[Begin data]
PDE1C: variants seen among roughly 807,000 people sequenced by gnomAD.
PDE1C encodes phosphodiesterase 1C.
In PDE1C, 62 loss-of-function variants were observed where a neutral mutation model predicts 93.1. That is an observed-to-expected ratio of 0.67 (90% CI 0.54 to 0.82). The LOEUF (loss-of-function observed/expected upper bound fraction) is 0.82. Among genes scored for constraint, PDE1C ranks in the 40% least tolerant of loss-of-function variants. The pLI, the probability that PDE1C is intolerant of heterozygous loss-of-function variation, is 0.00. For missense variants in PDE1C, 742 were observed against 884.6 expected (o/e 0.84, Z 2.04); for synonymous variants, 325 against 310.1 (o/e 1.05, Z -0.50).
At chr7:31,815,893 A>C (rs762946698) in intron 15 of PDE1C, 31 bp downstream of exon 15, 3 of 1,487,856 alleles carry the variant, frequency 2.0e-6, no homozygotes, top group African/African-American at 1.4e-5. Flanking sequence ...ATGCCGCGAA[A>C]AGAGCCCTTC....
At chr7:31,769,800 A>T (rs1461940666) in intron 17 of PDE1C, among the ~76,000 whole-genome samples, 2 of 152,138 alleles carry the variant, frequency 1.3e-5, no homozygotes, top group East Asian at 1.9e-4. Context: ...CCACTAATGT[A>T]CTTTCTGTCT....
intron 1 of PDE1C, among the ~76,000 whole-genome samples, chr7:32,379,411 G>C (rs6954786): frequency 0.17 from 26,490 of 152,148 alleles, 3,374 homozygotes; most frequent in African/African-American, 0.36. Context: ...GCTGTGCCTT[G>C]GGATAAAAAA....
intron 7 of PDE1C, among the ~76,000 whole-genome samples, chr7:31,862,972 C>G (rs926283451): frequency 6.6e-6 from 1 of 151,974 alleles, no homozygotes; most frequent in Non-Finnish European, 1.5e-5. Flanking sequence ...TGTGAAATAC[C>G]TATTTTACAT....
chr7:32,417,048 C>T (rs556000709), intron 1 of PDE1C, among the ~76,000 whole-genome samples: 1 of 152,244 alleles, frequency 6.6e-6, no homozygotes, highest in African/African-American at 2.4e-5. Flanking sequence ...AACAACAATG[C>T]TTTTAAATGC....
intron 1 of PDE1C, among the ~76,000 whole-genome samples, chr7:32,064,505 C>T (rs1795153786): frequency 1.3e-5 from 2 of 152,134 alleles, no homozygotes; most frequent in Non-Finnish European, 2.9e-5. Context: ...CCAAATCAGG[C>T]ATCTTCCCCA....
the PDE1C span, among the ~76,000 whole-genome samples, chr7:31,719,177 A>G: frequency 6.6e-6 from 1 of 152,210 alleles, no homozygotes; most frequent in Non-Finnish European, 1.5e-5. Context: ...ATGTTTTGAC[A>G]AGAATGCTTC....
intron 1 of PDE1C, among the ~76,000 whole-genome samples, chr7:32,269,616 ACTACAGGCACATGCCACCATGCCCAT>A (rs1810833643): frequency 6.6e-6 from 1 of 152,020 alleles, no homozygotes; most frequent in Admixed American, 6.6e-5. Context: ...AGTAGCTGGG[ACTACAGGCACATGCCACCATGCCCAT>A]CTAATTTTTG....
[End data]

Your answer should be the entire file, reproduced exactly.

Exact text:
PDE1C: variants seen among roughly 807,000 people sequenced by gnomAD.
PDE1C encodes phosphodiesterase 1C.
In PDE1C, 62 loss-of-function variants were observed where a neutral mutation model predicts 93.1. That is an observed-to-expected ratio of 0.67 (90% CI 0.54 to 0.82). The LOEUF (loss-of-function observed/expected upper bound fraction) is 0.82. Among genes scored for constraint, PDE1C ranks in the 40% least tolerant of loss-of-function variants. The pLI, the probability that PDE1C is intolerant of heterozygous loss-of-function variation, is 0.00. For missense variants in PDE1C, 742 were observed against 884.6 expected (o/e 0.84, Z 2.04); for synonymous variants, 325 against 310.1 (o/e 1.05, Z -0.50).
At chr7:31,815,893 A>C (rs762946698) in intron 15 of PDE1C, 31 bp downstream of exon 15, 3 of 1,487,856 alleles carry the variant, frequency 2.0e-6, no homozygotes, top group African/African-American at 1.4e-5. Flanking sequence ...ATGCCGCGAA[A>C]AGAGCCCTTC....
At chr7:31,769,800 A>T (rs1461940666) in intron 17 of PDE1C, among the ~76,000 whole-genome samples, 2 of 152,138 alleles carry the variant, frequency 1.3e-5, no homozygotes, top group East Asian at 1.9e-4. Context: ...CCACTAATGT[A>T]CTTTCTGTCT....
intron 1 of PDE1C, among the ~76,000 whole-genome samples, chr7:32,379,411 G>C (rs6954786): frequency 0.17 from 26,490 of 152,148 alleles, 3,374 homozygotes; most frequent in African/African-American, 0.36. Context: ...GCTGTGCCTT[G>C]GGATAAAAAA....
intron 7 of PDE1C, among the ~76,000 whole-genome samples, chr7:31,862,972 C>G (rs926283451): frequency 6.6e-6 from 1 of 151,974 alleles, no homozygotes; most frequent in Non-Finnish European, 1.5e-5. Flanking sequence ...TGTGAAATAC[C>G]TATTTTACAT....
chr7:32,417,048 C>T (rs556000709), intron 1 of PDE1C, among the ~76,000 whole-genome samples: 1 of 152,244 alleles, frequency 6.6e-6, no homozygotes, highest in African/African-American at 2.4e-5. Flanking sequence ...AACAACAATG[C>T]TTTTAAATGC....
intron 1 of PDE1C, among the ~76,000 whole-genome samples, chr7:32,064,505 C>T (rs1795153786): frequency 1.3e-5 from 2 of 152,134 alleles, no homozygotes; most frequent in Non-Finnish European, 2.9e-5. Context: ...CCAAATCAGG[C>T]ATCTTCCCCA....
the PDE1C span, among the ~76,000 whole-genome samples, chr7:31,719,177 A>G: frequency 6.6e-6 from 1 of 152,210 alleles, no homozygotes; most frequent in Non-Finnish European, 1.5e-5. Context: ...ATGTTTTGAC[A>G]AGAATGCTTC....
intron 1 of PDE1C, among the ~76,000 whole-genome samples, chr7:32,269,616 ACTACAGGCACATGCCACCATGCCCAT>A (rs1810833643): frequency 6.6e-6 from 1 of 152,020 alleles, no homozygotes; most frequent in Admixed American, 6.6e-5. Context: ...AGTAGCTGGG[ACTACAGGCACATGCCACCATGCCCAT>A]CTAATTTTTG....